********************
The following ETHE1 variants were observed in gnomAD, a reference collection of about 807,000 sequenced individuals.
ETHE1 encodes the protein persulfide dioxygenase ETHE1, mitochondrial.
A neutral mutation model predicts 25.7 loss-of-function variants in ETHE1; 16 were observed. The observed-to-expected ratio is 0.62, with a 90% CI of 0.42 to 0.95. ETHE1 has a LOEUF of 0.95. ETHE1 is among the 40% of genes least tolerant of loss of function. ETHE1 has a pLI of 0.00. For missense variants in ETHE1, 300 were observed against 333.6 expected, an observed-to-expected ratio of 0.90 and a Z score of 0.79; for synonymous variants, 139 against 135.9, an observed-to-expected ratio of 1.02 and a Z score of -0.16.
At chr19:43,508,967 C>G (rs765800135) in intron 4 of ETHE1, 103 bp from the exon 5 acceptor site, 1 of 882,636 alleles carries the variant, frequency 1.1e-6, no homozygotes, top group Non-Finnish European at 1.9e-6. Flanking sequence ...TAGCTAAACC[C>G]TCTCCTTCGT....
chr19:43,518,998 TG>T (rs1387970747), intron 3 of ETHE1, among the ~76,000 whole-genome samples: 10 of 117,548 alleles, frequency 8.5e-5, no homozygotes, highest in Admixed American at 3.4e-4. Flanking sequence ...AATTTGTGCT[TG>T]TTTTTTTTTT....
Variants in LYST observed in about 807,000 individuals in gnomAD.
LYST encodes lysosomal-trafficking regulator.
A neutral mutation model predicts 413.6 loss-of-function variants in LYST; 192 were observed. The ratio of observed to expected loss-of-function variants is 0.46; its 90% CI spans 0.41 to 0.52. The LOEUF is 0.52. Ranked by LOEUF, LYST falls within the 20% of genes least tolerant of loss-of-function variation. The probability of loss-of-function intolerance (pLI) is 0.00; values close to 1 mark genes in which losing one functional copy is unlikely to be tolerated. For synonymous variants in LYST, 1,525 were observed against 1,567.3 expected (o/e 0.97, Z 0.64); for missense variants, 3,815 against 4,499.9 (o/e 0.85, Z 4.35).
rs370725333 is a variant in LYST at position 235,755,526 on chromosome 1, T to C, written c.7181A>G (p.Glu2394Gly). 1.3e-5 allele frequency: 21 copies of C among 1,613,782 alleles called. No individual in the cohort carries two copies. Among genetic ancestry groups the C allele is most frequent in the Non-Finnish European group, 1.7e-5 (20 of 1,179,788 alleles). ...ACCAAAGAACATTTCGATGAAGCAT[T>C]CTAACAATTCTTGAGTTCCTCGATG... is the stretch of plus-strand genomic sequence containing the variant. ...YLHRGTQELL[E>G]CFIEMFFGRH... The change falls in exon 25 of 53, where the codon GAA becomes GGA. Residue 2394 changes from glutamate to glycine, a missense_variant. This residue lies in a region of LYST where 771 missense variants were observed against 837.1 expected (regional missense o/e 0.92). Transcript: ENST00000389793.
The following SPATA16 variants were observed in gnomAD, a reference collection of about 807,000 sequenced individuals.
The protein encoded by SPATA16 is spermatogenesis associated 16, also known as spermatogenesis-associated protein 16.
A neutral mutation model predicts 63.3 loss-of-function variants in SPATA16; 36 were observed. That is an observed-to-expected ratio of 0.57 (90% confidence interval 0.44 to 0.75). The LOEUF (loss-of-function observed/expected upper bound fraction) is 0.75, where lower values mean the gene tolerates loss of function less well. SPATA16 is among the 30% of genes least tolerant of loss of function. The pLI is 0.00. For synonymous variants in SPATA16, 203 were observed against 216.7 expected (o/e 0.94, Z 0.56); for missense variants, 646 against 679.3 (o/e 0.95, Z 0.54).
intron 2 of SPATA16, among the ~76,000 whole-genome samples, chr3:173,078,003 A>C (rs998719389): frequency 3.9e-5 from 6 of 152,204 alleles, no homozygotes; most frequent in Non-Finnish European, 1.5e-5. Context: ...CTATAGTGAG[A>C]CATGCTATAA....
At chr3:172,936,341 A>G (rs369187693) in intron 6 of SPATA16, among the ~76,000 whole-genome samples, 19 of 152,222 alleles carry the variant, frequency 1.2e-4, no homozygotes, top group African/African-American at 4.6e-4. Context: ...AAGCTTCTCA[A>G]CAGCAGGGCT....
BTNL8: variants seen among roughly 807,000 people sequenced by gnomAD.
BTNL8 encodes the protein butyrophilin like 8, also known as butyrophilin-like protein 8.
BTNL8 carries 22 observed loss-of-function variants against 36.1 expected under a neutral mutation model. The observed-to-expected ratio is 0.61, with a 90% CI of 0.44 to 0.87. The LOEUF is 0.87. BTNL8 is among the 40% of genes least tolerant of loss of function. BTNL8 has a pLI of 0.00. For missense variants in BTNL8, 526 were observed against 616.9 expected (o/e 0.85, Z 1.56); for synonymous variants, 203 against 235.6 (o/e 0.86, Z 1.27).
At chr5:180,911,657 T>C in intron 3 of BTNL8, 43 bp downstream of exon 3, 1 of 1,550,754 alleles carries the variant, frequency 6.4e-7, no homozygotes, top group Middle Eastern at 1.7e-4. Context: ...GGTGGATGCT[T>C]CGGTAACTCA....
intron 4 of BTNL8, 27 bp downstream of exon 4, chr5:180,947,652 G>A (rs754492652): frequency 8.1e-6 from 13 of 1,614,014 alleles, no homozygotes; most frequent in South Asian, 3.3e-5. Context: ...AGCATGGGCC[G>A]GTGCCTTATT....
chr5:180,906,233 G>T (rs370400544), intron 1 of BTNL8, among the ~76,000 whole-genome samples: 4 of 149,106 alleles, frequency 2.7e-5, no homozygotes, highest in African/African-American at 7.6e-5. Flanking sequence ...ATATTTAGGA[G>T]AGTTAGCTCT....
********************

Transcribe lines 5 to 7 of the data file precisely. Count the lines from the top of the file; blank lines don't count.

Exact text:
chr19:43,518,998 TG>T (rs1387970747), intron 3 of ETHE1, among the ~76,000 whole-genome samples: 10 of 117,548 alleles, frequency 8.5e-5, no homozygotes, highest in Admixed American at 3.4e-4. Flanking sequence ...AATTTGTGCT[TG>T]TTTTTTTTTT....
Variants in LYST observed in about 807,000 individuals in gnomAD.
LYST encodes lysosomal-trafficking regulator.